Ironically it was No 111 Squadron that was re-numbered No 14 on 1 February 1920 at Ramlah in Palestine. It would remain in Palestine for the next 20 years operating in detachments at Amman and Ramlah equipped successively with Bristol Fighters, DH9As, Fairey IIIFs, Gordons and in March 1938, Wellesleys. The entry of Italy into the war saw the squadron move to Egypt, back to Palestine and then to the Sudan, where it carried out raids against Italian bases in Eritrea.
The squadron re-equipped with Blenheims in September 1940, which it took to Egypt before returning to Palestine. It later took part in operations in Iraq and then returned to the Western Desert and re-equipment with Marauders in August 1942. With Marauders the squadron carried out coastal patrols, mine-laying and maritime reconnaissance operations as well as bombing missions, moving to Algeria from March 1943.
However, the squadron flew its last mission on 21 September 1943, effectively disbanding. It reformed on 24 October 1944 as an anti-submarine unit at Chivenor equipped with Wellington XIVs, beginning operations in February 1945 and continuing until disbandment on 1 June 1945. However, the squadron reformed the same day at Banff in Scotland when No 143, equipped with Mosquitoes, was re-numbered No 14, remaining there until 31 March 1946. The next day a new No 14 appeared in Germany at Wahn, when No 128 was re-numbered. Again flying Mosquitoes, these were retained until 1951 with the arrival of Vampires and then Venoms in 1953. Its role changed to that of day fighter when Hunters were received in 1955 continuing in that capacity until disbandment on 17 December 1962.
Once again a new 14 Squadron arose, this time at Wildenrath from No 88 and was now flying Canberras in the Interdiction role. Another disbandment and re-formation occurred on 30 June 1970 when No 14 (Designate) Squadron took over the numberplate and No 14 became a Phantom FGR 2 ground attack unit at Bruggen in Germany. However, Phantoms were merely a stop-gap measure for this role and the squadron converted to the Jaguar on 9 April 1975, continuing to operate this type until 1 November 1985 when Tornadoes replaced the Jaguars. With the closure of RAF Bruggen, the last RAF air base in Germany, in 2001, the squadron re-located to the UK and was based at RAF Lossiemouth where it remained until disbanding as a result of the 2011 Strategic Defence and Security Review on 1 June that year.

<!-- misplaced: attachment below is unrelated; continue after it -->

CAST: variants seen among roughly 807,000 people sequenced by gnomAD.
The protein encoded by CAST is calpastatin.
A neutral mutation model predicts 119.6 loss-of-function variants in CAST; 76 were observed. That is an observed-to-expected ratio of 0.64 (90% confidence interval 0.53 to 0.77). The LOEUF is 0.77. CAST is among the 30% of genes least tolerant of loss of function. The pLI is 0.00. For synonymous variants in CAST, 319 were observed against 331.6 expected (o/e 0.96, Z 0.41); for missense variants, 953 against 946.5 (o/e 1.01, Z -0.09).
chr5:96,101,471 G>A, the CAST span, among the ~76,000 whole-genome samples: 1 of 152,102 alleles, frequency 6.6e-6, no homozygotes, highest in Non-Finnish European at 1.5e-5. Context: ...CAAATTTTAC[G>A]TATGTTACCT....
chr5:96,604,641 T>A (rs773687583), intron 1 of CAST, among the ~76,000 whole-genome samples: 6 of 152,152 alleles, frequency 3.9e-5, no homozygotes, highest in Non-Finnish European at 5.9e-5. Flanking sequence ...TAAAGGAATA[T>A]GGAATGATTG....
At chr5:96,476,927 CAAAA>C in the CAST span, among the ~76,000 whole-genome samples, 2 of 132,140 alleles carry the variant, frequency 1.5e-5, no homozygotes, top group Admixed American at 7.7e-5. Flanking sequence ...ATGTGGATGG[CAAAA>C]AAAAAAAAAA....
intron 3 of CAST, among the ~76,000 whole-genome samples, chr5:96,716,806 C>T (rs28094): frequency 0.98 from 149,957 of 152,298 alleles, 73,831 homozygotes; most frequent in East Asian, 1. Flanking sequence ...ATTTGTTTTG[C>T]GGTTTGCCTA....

Motto: I spread my wings and keep my promise (in Arabic)
Squadron Codes used: -
Formed at Farnborough from a nucleus provided by No 1 Reserve Squadron on 1 March 1915, it moved to France in December. Equipped with BE2c's the squadron undertook typical Corps activities such as artillery spotting and photography. It continued in this role until the end of WW1, re-equipping with RE8's in June 1917. The German offensive of march 1918 saw the squadron undertaking ground strafing but it was soon back into its normal Corps role finally returning to Britain in February 1919 where it disbanded in December of the same year.
Its next incarnation began on 24 March 1924 when it reformed within the Aeroplane and Armament Experimental Establishment at Martlesham Heath. The squadron carried out trials with weapons of various types using a wide range of aircraft, although should war come, they would become a day bomber squadron equipped with the Hawker Horsley. The squadron reverted to being a full time bomber unit on 1 June 1934, now based at Abingdon and equipped with the Hawker Hart. Its OC at this time, Sqn Ldr T W Elmhirst, was responsible for adopting the form XV for 15, which the squadron has retained up to the present day.